Update on the Travel Ban and DACA

Travel Ban

travel-ban May 2018On April 25th, 2018 the Supreme Court heard oral arguments from both sides on President Trump’s highly scrutinized “travel ban”. The travel ban, now in its third iteration, prohibits entry of travelers from five Muslim-majority countries (Iran, Syria, Yemen, Somalia, and Libya), as well as North Korea and government officials from Venezuela. Although previous versions of the travel ban were initially partially blocked by U.S. District Courts in Hawaii and Maryland, the Supreme Court lifted such injunctions in December 2017.

Since Trump first issued his travel order, setting off widespread chaos at airports just a few days after his inauguration, the issue has strongly shaped public perceptions of the new administration. It has also led to a string of defeats in lower courts, where judges ruled that the measure exceeded Trump’s authority and, in some cases, said it reflected bias against Muslims.

 

However, the Supreme Court of the United States has provided a friendlier forum, on this topic. The justices issued a ruling in June 2017 that allowed the second version of the travel ban to take partial effect. Then, in December 2017, with only two dissenting votes, they set aside lower-court rulings to allow the administration to put the third version into practice, a strong indicator of where the majority was headed.

Justice Samuel A. Alito rejected the notion Trump’s order could be considered a “Muslim ban,” noting it does not apply to most of the largest Muslim nations.

“If you look at what was done, it does not look like a Muslim ban,” he said.

Justice Neil Gorsuch, Trump’s appointee, questioned whether the challengers had standing to sue in the first place. Foreigners overseas do not have rights in U.S. courts, he said. Plaintiffs who live in Hawaii sued, contending the travel ban was illegal, but “third parties can’t vindicate the rights of aliens,” Gorsuch said.

Chief Justice John G. Roberts Jr. and Justice Anthony M. Kennedy portrayed the issue before the court as one of national security in which the chief executive, not the judicial branch, should be entrusted to weigh possible threats from foreign visitors.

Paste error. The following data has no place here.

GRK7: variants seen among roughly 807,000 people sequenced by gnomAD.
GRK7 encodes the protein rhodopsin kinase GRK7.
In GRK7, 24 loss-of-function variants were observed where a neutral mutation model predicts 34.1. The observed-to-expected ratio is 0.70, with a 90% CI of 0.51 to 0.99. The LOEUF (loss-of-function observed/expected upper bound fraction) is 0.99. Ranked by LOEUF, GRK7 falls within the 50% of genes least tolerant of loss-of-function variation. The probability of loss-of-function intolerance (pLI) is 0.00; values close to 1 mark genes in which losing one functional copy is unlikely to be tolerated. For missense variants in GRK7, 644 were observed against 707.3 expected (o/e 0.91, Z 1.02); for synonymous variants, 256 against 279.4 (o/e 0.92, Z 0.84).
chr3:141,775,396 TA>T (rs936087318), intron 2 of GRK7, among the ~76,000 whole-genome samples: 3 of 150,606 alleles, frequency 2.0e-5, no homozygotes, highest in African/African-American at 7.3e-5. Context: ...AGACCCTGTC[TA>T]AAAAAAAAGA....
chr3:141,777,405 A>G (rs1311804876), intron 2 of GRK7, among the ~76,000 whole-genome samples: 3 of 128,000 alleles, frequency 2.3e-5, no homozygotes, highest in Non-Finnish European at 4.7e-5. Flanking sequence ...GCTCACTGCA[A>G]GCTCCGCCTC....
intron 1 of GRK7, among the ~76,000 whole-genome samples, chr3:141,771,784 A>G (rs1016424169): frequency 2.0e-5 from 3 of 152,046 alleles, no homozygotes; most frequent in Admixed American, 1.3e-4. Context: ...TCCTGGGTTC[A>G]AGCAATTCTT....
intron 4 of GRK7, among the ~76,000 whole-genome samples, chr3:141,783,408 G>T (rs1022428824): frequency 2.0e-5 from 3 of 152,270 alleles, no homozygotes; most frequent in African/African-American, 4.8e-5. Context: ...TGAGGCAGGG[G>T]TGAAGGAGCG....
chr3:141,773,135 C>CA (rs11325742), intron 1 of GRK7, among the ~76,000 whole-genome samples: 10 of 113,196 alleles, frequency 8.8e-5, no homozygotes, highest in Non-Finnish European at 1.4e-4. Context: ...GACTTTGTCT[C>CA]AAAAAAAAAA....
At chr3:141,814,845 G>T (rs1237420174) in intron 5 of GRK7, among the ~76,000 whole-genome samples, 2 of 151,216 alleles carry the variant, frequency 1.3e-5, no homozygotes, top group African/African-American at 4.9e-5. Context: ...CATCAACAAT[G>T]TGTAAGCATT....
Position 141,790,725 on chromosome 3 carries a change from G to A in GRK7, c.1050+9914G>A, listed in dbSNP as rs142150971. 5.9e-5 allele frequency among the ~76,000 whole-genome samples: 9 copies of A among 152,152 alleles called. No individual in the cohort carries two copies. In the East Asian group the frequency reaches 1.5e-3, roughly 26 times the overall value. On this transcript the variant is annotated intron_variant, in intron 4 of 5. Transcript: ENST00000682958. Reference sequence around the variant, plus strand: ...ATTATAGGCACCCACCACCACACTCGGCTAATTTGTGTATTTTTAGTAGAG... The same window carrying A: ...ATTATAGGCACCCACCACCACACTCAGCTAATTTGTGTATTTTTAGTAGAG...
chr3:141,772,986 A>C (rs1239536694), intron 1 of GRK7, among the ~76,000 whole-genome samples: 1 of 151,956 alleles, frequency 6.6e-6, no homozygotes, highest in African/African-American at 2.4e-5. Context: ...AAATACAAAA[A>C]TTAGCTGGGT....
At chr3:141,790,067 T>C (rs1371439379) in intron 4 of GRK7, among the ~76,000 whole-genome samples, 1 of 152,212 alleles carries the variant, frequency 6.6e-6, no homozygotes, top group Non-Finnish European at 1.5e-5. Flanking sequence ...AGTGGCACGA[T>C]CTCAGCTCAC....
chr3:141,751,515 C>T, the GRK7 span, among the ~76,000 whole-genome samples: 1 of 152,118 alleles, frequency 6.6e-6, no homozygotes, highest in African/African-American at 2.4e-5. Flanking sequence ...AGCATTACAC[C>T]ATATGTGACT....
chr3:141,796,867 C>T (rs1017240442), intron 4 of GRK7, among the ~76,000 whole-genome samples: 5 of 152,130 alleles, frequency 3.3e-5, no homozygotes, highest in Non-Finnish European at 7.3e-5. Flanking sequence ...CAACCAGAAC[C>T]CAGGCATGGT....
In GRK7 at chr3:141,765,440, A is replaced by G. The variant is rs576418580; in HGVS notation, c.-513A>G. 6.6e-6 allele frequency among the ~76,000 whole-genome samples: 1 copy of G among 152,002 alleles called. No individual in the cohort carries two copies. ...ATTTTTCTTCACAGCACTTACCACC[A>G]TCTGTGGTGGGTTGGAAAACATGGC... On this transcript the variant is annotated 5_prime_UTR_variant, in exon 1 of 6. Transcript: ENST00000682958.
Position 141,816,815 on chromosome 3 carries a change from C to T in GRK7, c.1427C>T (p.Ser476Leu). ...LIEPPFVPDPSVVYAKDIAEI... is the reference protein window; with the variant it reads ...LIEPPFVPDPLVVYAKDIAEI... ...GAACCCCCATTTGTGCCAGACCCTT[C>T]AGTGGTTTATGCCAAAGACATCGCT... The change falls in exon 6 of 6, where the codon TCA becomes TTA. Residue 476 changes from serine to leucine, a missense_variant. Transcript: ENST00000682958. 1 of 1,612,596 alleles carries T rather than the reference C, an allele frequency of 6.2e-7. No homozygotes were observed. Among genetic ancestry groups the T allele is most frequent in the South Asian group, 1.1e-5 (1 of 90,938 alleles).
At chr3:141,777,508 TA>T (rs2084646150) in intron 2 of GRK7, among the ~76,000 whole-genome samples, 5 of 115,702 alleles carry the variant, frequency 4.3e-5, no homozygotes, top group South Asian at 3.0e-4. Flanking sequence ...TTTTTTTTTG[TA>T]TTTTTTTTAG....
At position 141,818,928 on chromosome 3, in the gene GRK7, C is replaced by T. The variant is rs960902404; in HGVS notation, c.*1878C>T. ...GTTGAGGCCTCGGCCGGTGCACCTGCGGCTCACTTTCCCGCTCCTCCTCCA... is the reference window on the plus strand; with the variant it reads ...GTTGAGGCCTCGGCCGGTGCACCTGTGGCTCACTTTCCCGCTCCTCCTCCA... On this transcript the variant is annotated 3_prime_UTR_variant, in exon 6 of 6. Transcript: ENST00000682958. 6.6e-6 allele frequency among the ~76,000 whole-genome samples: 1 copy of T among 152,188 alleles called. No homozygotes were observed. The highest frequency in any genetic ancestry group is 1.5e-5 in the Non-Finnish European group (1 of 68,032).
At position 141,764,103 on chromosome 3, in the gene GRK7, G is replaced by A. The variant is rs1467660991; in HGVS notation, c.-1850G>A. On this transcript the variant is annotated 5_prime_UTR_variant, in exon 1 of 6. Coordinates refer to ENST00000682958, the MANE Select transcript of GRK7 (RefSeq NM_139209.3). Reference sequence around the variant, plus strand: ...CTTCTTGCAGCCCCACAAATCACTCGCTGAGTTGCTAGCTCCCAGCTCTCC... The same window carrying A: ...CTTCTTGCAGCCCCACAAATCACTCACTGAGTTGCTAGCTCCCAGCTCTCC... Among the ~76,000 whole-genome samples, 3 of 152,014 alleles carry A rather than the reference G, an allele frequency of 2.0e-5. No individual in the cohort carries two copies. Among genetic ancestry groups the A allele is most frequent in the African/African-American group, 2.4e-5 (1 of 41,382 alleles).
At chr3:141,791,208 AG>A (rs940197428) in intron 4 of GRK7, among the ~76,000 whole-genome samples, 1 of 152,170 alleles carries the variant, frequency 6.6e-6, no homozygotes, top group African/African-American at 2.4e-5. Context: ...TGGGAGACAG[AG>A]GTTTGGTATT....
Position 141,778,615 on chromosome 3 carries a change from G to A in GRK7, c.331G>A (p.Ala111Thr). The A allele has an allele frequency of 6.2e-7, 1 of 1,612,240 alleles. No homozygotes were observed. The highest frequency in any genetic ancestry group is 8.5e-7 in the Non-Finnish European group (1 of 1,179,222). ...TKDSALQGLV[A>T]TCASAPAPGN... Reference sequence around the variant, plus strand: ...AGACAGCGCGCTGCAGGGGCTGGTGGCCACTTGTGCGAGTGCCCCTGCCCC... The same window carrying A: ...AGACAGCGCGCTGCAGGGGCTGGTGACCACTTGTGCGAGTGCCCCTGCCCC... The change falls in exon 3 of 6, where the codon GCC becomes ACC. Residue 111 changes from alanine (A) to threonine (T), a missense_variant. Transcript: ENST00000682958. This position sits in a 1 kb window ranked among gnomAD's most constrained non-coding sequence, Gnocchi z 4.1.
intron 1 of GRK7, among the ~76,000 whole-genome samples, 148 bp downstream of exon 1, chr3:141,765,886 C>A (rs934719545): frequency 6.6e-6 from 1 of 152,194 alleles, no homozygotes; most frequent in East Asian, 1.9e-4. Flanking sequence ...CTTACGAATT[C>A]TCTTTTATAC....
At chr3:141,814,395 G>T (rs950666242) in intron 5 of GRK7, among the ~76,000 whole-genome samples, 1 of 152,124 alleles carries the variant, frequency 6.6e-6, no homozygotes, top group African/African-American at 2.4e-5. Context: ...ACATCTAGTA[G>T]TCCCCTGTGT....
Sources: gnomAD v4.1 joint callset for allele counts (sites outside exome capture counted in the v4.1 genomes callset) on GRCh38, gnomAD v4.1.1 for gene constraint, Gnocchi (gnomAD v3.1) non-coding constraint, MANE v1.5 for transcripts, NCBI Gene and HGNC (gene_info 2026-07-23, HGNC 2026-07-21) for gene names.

A final decision by the Court is expected at the end of June. Meanwhile, the current version of the travel ban remains in effect during deliberation. Continue reading

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Travel Ban Update: U.S. State Department Issues New Guidelines Involving Close, Existing Relationships Within U.S.

by Raj Rathour, Esq. and Jennifer Grady, Esq.

trumpOn June 29, 2017, the U.S. State Department began implementing President Trump’s new visa criteria based in Executive Order 13780. The revised criteria bars U.S. entry for 90 days, for citizens without prior connections to the United States from six Muslim-majority countries: Iraq, Syria, Iran, Sudan, Libya, Somalia and Yemen. Stemming from a highly publicized decision by the Supreme Court, the current preliminary injunction has been narrowed to allow only “foreign nationals who have a credible claim of a bona fide relationship with a person or entity in the United States”. Current controversy revolves around the specific language, bona fide relationship,” and the potential for its interpretation of federal courts and officials.

Bona Fide Relationship

auditOn May 25, 2017, United States Court of Appeals for the Fourth Circuit upheld an injunction against enforcement of Executive Order 13780, titled “Protecting the Nation from Foreign Terrorist Entry into the United States”, which was an executive order signed by United States’ President Donald Trump on March 6, 2017.  That order placed limits on travel to the U.S. from certain countries, and by all refugees who do not possess either a visa or valid travel documents. According to its terms, it revoked and replaced the original travel bar Executive Order 13769, which was issued on January 27, 2017. Continue reading